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Part of Tax Cut Might Fund War

Senate narrowly passes a measure sponsored by a Democrat that would shift $100 billion of Bush's $725-billion plan to pay for Iraq conflict.

March 22, 2003|Janet Hook | Times Staff Writer

WASHINGTON — The Senate, anxious about the uncertain costs of war with Iraq, approved a measure Friday that would take $100 billion from President Bush's $725-billion tax cut proposal and use it to help pay for the military operation.

The 52-47 vote was the first legislative setback for the tax cut that Bush says is needed to stimulate the economy. But the Senate later turned back a far more serious challenge from a bipartisan coalition that proposed slashing the tax cut to $350 billion.

Bush's plan was being debated as part of an annual budget resolution, which sets revenue and spending targets for the coming fiscal year -- a benchmark congressional decision that has been all but eclipsed by the war in Iraq.

The Senate acted after the House passed a budget resolution Friday morning that would make room for Bush's entire economic growth plan, as well as the spending increases for defense and homeland security that he wants. Bush, in a written statement, praised the House for advancing his domestic agenda even as the war in Iraq proceeds.

"As we engage in action to ensure freedom and security, it is imperative that we stay focused on important domestic priorities, including creating jobs and strengthening economic growth at home," Bush said.

The Senate planned to finish work on its version of the budget resolution next week. The two chambers then will try to reconcile their differences, producing a resolution that serves as the blueprint for detailed tax cut and spending legislation written later this year.

Critics of Bush's tax cut plan said they would continue trying to scale it back.

"I'm not dead yet," said Sen. John B. Breaux (D-La.), a co-sponsor of the failed amendment to trim the tax cut to $350 billion. But he acknowledged that defeat of the amendment was a key vote that will be hard to reverse.

The House version of the budget -- and the blueprint initially put before the Senate -- included no money for the war with Iraq and its aftermath. Republicans said the money would be added later, after the administration makes a formal request for the revenue.

Sen. Russell D. Feingold (D-Wis.) sponsored the amendment to take $100 billion from the tax cut for a war fund. He said it would be irresponsible to pass a budget with a big tax cut, large deficits and no provision for the war's expenses.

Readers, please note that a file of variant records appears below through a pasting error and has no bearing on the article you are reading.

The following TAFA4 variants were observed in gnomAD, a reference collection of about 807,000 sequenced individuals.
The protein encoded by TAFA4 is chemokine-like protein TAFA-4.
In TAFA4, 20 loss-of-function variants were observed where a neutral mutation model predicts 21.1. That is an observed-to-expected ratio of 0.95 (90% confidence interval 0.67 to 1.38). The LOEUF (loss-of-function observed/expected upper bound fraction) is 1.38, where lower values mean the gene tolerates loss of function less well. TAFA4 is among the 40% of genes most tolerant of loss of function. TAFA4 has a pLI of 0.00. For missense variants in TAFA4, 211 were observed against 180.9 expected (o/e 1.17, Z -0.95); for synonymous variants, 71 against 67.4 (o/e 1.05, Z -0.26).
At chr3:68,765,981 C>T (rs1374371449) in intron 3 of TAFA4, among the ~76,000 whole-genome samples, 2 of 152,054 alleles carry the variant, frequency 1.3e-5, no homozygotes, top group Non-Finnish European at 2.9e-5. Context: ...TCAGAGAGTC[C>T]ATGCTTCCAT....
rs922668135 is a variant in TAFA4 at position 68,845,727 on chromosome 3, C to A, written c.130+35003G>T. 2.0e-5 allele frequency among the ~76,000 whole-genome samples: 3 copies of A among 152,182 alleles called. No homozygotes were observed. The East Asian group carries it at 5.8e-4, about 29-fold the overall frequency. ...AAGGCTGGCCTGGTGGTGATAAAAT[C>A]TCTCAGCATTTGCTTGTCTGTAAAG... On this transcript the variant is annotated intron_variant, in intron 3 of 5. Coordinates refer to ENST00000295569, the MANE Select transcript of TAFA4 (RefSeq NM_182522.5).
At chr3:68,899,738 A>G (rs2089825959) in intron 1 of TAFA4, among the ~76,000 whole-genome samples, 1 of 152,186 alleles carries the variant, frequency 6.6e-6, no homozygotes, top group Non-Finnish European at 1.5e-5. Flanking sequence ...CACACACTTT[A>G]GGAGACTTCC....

"When we are facing a war, the budget must reflect it," Feingold said. "We cannot go along as if this were a time for business as usual."

The amendment passed with support from 47 Democrats, four Republicans and one independent.

But one of the Republicans -- Majority Leader Bill Frist of Tennessee -- voted for the amendment at the last moment for procedural reasons. By doing so, he gained the right to call for another vote on it next week, giving GOP leaders time to lobby for its defeat.

The three other Senate Republicans supporting the amendment were John McCain of Arizona, Lincoln Chafee of Rhode Island and Susan Collins of Maine.

Approval of Feingold's amendment took many lawmakers by surprise. Most had been focusing on the battle over the amendment to more than halve the tax cut. Sponsoring that amendment with Breaux was Sen. George Voinovich (R-Ohio), who said the government could not afford to lose more revenue at a time of burgeoning deficits and heavy war costs.

"It's too risky; it's too irresponsible," Breaux said of Bush's tax cut. "In these times, I would suggest the right course of action would be to be a little more conservative."

But Treasury Secretary John W. Snow and Commerce Secretary Don Evans have lobbied heavily to keep most Republicans in line behind the full Bush plan. A smaller package, they argue, would do little to stimulate the economy.

"We need to be very bold in our response to the flagging economy," said Senate Finance Committee Chairman Charles E. Grassley (R-Iowa).

In the end, the Breaux amendment was doomed not by lawmakers who back the bigger tax cut, but by those who question whether any tax reduction should be approved, given the growing deficits and the Iraq war.

Many Democrats initially were willing to vote for the $350-billion amendment as the lesser of two evils. But when, in the course of the roll call, it became clear that the amendment would not pass, they switched their votes, and the amendment failed, 62 to 38.

California's Democratic senators split on the amendment. Barbara Boxer voted for the $350-billion tax cut; a spokesman said she believed it was a reasonable amount that would provide relief for middle-class taxpayers. Dianne Feinstein voted against the amendment because she opposes adding to the deficit at this time, a spokesman said.

Boxer and Feinstein voted for the amendment to trim the tax cut by $100 billion to create a war fund.

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